Tulsa Hospital Shooting Spotlights Violence Targeting Healthcare Workers

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Four people were killed in a shooting at Tulsa’s hospital complex, two of them doctors. This has brought to light violence against healthcare workers.

Nurse Jennette Pearson says she was brutally punched by a patient who didn’t want to take his medication at the Utah state hospital where she works. The attack left her with a black eye, concussion, and bruising.

“We get used to it. We get used to hearing our lives threatened everyday,”Pearson,

After being separated from family members due to safety protocol, the nurse said she saw patients become more violent during the COVID-19 pandemic.

She and other medical professionals warn of increasing violence against them.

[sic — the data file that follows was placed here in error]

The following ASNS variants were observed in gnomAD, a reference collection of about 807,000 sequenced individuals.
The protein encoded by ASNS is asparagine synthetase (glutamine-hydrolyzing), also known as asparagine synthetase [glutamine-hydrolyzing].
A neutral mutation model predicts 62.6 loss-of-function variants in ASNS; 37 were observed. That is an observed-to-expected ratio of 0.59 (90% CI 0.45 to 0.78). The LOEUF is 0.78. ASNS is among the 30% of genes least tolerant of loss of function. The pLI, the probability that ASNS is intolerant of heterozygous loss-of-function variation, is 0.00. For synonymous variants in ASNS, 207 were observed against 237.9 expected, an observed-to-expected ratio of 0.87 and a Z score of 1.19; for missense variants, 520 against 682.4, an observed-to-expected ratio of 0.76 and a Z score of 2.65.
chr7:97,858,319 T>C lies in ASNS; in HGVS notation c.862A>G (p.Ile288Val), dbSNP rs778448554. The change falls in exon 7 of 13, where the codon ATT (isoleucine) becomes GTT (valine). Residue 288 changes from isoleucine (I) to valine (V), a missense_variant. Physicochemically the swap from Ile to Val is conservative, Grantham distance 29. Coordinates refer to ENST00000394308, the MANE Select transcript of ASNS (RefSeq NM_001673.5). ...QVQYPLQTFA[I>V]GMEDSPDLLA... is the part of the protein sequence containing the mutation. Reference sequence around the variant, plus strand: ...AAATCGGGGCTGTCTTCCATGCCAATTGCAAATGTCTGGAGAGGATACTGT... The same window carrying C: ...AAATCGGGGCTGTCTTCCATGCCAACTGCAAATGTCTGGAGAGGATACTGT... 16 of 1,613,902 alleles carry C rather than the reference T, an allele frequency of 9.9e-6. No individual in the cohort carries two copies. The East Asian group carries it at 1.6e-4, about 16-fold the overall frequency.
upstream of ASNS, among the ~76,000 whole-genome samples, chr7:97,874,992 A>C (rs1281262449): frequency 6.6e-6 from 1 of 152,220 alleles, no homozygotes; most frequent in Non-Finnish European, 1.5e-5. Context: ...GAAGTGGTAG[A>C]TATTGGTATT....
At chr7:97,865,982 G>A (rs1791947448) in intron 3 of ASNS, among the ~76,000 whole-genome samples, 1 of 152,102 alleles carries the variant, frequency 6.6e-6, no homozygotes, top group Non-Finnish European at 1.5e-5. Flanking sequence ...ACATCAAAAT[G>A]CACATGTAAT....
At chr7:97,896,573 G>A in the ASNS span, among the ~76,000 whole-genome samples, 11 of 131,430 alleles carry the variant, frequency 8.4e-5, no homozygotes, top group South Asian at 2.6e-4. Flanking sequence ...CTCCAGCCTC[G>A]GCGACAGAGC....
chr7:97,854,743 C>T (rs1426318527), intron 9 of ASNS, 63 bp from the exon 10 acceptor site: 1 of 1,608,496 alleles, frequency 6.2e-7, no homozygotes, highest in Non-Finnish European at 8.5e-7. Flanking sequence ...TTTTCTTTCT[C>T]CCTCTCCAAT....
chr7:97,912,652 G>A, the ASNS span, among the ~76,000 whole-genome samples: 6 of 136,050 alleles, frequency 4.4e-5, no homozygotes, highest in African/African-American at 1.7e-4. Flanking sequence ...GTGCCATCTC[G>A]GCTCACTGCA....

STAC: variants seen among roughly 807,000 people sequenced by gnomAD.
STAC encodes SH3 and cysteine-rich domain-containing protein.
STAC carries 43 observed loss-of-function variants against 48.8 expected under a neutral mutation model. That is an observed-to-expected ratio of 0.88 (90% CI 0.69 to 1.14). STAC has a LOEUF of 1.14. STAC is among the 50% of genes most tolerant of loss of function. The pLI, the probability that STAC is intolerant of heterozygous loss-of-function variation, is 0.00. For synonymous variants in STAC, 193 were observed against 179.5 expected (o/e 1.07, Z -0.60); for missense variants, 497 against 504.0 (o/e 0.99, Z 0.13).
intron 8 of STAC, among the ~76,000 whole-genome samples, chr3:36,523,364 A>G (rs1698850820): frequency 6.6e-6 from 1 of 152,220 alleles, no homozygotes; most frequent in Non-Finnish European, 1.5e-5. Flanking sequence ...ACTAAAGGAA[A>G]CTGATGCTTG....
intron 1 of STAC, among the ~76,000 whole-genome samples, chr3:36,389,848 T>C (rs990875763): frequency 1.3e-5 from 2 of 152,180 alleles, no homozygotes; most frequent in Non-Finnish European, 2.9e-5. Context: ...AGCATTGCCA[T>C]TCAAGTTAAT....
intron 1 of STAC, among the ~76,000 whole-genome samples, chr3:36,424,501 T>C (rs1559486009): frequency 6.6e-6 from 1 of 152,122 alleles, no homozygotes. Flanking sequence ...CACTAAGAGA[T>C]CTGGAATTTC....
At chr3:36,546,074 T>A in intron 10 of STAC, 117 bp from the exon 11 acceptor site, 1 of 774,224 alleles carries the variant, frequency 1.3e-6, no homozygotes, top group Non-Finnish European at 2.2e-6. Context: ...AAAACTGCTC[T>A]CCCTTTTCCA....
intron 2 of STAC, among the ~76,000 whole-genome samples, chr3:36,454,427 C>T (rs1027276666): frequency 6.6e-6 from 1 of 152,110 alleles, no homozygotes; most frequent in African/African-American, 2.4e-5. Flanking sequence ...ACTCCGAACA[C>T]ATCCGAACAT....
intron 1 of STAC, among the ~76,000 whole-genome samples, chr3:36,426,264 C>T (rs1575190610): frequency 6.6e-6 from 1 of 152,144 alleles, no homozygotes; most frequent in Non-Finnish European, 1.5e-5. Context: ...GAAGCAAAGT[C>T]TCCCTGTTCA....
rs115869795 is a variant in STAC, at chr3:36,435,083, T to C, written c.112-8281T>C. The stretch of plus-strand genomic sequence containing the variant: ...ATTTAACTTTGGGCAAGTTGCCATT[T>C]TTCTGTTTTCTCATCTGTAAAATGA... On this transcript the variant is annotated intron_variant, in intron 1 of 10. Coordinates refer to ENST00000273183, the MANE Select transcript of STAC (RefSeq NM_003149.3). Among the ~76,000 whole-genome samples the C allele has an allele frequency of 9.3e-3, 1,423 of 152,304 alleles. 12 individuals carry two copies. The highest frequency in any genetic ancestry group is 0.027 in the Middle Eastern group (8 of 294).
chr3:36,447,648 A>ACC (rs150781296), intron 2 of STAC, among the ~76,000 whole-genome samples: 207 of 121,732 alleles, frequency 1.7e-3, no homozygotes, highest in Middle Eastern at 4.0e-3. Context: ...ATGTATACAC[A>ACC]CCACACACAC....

As an example, a man in Utah brandished two guns and stormed the lobby of a hospital. He demanded to be seen by a doctor. When he refused to give up his weapon, he was shot by police.

Boston’s Brigham and Women’s Hospital shot a beloved cardiac surgeon after a delusional gunman saw on surveillance video at the hospital blamed him for his mother’s murder.

Alarming 47% reported being physically assaulted by their physicians.

Scott Strauss manages security at North Shore University Hospital, Long Island. Inside Edition was shown how the hospital’s advanced turnstile system keeps hospital workers safe.